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Chapter 3: Time Gone By

Time had come to a standstill.  The days or weeks or months, he had no idea how many, had blurred, and Shane had settled into a not-so-comfortable routine. On what he suspected was a regular schedule of days, the guards would beat him while demanding he admit it was not a misunderstanding and that he was tying to assassinate Vasquez.  Then he would spend the next period of time, alone in the dark cell, recovering from the beating and counting the cracks in the wall next to the mattress, all 87 of them.

By this time, the interrogations were a formality.  The guards knew there was nothing he would tell them, and even they seemed bored with it all.  It was like they were just going through some choreographed motions.  A veritable Torture Waltz, if you will.  It would have been funny if Victor Kiriakis had not been the choreographer.

Shane, however, understood the choreography.  The beatings were designed to keep him too weak to escape.  What he did not understand was why he was still alive.  There had to be some reason they had not carried out the execution, something Victor wanted.

Initially, his fury at Victor had been his mental ward against the greatest threat he faced from this imprisonment.  Training had taught him that extended periods of isolation threatened the prisoner's sanity and he understood why.  Too long in this hell-hole and it would be natural to lose track of what was real and what wasn't.  So, for a time, he worked to keep his mind focused, running through everything from the multiplication tables and Act 3, Scene 5 of Romeo & Juliet to planning out intricate plots to bring down the Kiriakis empire.

But as time passed, his plans for revenge had been joined by other thoughts, more personal ones.  The kids.  Kimberly.  He tried to suppress them; thinking of his family and the past, obsessing about what he was missing right now, might drive him crazy.  Still, the thoughts came.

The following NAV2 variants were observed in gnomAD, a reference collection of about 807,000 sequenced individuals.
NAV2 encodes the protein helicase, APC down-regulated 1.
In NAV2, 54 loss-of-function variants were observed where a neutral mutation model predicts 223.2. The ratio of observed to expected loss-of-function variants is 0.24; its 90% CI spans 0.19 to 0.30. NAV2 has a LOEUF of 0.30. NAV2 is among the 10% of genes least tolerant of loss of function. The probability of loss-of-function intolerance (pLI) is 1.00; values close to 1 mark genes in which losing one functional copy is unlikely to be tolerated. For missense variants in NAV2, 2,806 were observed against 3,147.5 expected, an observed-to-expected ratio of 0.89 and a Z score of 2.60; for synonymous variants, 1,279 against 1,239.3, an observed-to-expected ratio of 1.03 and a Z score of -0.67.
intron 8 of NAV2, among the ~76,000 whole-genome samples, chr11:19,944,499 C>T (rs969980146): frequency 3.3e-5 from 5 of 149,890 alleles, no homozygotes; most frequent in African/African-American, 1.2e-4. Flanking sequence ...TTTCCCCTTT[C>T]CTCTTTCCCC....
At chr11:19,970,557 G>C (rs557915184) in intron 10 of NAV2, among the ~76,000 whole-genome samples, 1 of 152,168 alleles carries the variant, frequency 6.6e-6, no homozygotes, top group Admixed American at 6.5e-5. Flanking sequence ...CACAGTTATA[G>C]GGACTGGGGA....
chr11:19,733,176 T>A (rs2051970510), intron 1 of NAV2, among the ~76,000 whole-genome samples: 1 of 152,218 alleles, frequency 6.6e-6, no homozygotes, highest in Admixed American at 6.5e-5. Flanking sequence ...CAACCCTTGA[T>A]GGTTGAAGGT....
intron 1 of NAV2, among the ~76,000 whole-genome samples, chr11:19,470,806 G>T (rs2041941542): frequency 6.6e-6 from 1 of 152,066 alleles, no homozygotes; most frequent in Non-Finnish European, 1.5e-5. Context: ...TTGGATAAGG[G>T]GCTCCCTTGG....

He tried to picture his kids.  Eve singing in some part of the world.  Jeannie, smart as a whip and just as biting.  Andrew, now a quiet and contemplative man, no longer the boisterous boy of Shane's memories.  As he thought of each, his mind filled with alternating pride and regret.

Was Eve still singing at that café in Paris?  He had seen her during a brief stopover on a trip to Dubai, but they had only had a brief chance to talk between her sets, just long enough for them to make sure the other was okay, provide a quick update on what they were doing, and he to give her a "loan" to help cover the cost of recording her next album.

That's what they were reduced to.

Maybe they never had a chance.  Shane had tried to be a father to Eve when she lived in Salem, but he couldn't make up for the 14 years she missed and, even in the few years she lived with him, he was often away on missions -- or "dead."

As he lay in the darkness, he laughed at the irony that he had repeated so many of those same mistakes with Jeannie.  She had known he was her father, but for all that, a few holidays and weekends here and there were little more than Eve got.  Philip had been more of a dad to Jeannie.  No wonder she barely seemed to tolerate Shane.

She probably had graduated by now.  Lord, he tried to imagine how his missing that event had gone over.  Kim had probably tried to convince Jeannie that if Shane wasn't there, it was for a very good reason.  All the while, Kim was probably cursing his name for yet again disappointing their daughter.  Sorry, Kim, it couldn't be helped.  Just a bit of a hiccup.

Not that it would appease Jeannie.  If -- no, when he escaped from here, there would be hell to pay. And it wasn't just for that.  He had a lifetime lot of making up to do.   He just hoped it was fixable.